Difficulties for the Modern Believer
As formulated by Maimonides in his 8th principle of faith, traditional Jewish belief in a divine origin for the Torah entails a number of notions, specifically,
- The biblical text in our hands today was transmitted by God to Moses,
- Every word of this text is equally divine and laden with meaning,
- This written text was simultaneously accompanied by an oral commentary.
Critical approaches to the biblical text, which pose problems for this formulation, are not a modern invention. Nevertheless, there is no denying that the scope and intensity of such questions have increased considerably in the past century. Beyond the usual difficulties (erroneous or fallible content, questionable morality, and textual evidence of evolutionary historical development), the feminist critique has most recently problematized the very notion of divine revelation as verbal communication – given that language itself now appears so pervasively rooted in a particular perspective and cultural bias.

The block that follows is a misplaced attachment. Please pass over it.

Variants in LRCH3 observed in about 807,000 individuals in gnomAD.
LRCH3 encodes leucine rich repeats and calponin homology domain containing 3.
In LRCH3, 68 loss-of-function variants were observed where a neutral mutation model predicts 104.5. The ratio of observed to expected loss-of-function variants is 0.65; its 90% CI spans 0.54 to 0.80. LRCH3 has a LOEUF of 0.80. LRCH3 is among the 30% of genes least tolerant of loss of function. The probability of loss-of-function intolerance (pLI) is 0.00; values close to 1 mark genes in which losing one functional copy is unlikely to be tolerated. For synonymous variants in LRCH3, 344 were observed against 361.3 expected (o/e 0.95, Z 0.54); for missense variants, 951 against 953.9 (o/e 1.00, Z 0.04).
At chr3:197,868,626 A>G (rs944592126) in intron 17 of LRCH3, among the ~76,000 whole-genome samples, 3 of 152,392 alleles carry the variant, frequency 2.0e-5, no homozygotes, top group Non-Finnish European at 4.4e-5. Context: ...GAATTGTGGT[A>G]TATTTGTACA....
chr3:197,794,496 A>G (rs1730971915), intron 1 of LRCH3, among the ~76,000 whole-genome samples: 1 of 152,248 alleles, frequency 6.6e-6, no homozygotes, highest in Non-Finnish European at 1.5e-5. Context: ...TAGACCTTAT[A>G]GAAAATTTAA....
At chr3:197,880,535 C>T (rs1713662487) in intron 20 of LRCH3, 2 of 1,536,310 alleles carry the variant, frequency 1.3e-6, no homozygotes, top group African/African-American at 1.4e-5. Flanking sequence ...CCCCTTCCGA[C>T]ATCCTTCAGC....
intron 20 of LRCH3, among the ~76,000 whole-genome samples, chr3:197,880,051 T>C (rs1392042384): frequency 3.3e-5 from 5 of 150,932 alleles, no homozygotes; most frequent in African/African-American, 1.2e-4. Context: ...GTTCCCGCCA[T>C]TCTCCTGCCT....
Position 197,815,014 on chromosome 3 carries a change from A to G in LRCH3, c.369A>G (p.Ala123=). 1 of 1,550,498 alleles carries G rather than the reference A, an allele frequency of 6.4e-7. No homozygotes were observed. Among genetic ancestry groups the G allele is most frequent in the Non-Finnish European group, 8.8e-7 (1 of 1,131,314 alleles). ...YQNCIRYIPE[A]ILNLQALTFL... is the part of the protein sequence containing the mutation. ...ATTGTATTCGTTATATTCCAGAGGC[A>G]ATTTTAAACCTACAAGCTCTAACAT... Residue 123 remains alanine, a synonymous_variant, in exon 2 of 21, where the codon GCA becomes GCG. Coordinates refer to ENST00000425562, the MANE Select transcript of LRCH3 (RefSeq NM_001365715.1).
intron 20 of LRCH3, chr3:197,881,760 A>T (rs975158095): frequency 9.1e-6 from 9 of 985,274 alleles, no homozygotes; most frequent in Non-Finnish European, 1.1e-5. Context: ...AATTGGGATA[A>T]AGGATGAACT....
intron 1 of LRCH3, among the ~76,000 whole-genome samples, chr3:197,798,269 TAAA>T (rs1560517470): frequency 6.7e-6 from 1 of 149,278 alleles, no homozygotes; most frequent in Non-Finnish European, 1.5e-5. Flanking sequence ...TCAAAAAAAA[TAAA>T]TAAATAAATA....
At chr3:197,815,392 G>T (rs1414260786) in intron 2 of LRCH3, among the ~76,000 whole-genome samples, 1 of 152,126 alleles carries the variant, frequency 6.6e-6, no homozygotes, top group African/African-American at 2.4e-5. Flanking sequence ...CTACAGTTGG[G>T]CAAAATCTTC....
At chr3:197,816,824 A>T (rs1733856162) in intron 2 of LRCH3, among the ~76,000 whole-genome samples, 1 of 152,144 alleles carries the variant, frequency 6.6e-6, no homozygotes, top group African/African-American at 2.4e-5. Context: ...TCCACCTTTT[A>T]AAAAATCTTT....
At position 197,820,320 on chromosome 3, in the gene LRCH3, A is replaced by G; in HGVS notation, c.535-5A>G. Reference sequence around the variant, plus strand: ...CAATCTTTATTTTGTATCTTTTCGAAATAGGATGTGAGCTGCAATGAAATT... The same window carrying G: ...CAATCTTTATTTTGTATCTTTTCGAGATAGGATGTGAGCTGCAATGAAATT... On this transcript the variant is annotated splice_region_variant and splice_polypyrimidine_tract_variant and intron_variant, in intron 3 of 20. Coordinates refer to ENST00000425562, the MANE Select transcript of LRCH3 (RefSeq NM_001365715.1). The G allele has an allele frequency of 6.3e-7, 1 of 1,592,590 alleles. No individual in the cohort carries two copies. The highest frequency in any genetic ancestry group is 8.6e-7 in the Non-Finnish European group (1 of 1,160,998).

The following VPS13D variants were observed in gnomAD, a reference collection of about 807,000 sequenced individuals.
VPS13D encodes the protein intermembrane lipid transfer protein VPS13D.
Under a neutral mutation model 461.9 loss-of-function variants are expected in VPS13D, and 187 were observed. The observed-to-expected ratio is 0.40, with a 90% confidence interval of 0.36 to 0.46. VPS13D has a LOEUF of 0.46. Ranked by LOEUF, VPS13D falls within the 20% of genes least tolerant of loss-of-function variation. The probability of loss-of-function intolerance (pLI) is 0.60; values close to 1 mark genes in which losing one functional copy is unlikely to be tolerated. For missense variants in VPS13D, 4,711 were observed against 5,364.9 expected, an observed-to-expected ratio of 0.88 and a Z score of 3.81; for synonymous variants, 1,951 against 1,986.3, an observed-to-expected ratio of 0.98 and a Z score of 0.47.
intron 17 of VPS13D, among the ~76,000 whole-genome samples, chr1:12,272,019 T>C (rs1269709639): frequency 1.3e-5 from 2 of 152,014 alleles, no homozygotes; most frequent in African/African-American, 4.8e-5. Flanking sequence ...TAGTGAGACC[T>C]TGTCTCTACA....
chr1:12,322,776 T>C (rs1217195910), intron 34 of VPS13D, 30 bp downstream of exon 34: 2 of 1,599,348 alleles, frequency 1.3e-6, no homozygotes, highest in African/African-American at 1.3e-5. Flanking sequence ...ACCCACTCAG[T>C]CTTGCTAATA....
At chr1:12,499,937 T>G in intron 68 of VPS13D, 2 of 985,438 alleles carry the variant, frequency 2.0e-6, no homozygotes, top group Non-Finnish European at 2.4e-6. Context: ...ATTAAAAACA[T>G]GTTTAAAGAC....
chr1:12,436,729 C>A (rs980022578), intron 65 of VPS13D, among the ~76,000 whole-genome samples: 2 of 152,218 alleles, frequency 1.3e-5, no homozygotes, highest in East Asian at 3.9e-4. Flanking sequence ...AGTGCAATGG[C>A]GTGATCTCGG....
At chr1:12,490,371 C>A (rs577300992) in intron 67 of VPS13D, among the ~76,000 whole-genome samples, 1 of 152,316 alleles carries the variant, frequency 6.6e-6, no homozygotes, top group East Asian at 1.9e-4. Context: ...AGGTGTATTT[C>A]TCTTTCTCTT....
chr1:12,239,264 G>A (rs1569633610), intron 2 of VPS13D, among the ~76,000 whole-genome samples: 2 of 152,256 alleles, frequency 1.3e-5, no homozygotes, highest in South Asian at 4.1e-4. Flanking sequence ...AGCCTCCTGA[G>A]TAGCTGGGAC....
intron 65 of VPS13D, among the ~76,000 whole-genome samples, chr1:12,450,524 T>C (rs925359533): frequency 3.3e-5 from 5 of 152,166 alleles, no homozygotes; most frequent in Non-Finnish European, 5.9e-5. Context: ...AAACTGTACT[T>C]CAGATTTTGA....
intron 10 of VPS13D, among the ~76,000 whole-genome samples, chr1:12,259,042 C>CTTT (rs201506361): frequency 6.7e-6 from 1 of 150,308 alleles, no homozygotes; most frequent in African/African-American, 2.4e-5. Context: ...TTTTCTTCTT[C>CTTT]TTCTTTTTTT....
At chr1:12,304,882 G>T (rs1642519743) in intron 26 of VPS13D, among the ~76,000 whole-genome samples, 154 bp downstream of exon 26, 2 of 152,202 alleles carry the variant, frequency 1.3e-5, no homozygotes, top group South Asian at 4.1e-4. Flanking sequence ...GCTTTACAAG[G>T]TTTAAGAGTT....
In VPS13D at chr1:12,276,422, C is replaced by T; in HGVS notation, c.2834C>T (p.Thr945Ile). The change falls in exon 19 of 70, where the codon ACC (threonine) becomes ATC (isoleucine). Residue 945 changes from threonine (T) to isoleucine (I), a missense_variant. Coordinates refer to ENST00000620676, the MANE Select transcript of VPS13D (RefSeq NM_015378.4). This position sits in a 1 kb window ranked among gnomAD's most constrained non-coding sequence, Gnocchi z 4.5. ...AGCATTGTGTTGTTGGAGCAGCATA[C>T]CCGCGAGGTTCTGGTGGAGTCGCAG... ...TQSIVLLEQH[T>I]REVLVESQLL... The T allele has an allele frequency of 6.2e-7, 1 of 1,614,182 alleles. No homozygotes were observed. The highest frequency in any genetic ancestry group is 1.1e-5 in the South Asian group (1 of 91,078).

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March 25, 2014
January 8, 2020
Professor Tamar Ross is Professor Emeritus of the Department of Jewish philosophy at Bar Ilan University. She continues to teach at Midreshet Lindenbaum. She did her Ph.D. at the Hebrew University and served as a post-doctoral fellow at the Center for Jewish Studies at Harvard. She is the author of Expanding the Palace of Torah: Orthodoxy and Feminism. Her areas of expertise include: concepts of God, revelation, religious epistemology, philosophy of halacha, the Musar movement, and the thought of Rabbi A.I. Kook.
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